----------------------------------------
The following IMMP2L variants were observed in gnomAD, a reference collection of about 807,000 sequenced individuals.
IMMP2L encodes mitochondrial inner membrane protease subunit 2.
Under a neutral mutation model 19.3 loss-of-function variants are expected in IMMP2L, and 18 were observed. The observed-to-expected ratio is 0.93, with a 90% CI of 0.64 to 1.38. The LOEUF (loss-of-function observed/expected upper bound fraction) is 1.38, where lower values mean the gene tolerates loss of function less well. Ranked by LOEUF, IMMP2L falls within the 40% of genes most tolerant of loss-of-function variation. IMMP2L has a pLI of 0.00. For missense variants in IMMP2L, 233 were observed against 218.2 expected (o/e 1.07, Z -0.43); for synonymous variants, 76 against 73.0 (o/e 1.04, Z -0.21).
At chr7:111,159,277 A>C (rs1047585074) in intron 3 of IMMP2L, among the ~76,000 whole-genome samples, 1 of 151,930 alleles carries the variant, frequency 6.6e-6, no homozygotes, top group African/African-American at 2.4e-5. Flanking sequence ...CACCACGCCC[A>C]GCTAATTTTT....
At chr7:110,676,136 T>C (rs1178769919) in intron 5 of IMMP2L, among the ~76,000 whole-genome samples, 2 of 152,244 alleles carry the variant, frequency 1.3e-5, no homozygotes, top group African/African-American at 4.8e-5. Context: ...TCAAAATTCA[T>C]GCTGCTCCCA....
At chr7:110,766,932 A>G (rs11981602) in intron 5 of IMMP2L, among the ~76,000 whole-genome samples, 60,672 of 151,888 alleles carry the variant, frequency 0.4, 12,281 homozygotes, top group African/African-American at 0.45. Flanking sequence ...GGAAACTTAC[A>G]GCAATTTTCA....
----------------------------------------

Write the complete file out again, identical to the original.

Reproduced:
The following IMMP2L variants were observed in gnomAD, a reference collection of about 807,000 sequenced individuals.
IMMP2L encodes mitochondrial inner membrane protease subunit 2.
Under a neutral mutation model 19.3 loss-of-function variants are expected in IMMP2L, and 18 were observed. The observed-to-expected ratio is 0.93, with a 90% CI of 0.64 to 1.38. The LOEUF (loss-of-function observed/expected upper bound fraction) is 1.38, where lower values mean the gene tolerates loss of function less well. Ranked by LOEUF, IMMP2L falls within the 40% of genes most tolerant of loss-of-function variation. IMMP2L has a pLI of 0.00. For missense variants in IMMP2L, 233 were observed against 218.2 expected (o/e 1.07, Z -0.43); for synonymous variants, 76 against 73.0 (o/e 1.04, Z -0.21).
At chr7:111,159,277 A>C (rs1047585074) in intron 3 of IMMP2L, among the ~76,000 whole-genome samples, 1 of 151,930 alleles carries the variant, frequency 6.6e-6, no homozygotes, top group African/African-American at 2.4e-5. Flanking sequence ...CACCACGCCC[A>C]GCTAATTTTT....
At chr7:110,676,136 T>C (rs1178769919) in intron 5 of IMMP2L, among the ~76,000 whole-genome samples, 2 of 152,244 alleles carry the variant, frequency 1.3e-5, no homozygotes, top group African/African-American at 4.8e-5. Context: ...TCAAAATTCA[T>C]GCTGCTCCCA....
At chr7:110,766,932 A>G (rs11981602) in intron 5 of IMMP2L, among the ~76,000 whole-genome samples, 60,672 of 151,888 alleles carry the variant, frequency 0.4, 12,281 homozygotes, top group African/African-American at 0.45. Flanking sequence ...GGAAACTTAC[A>G]GCAATTTTCA....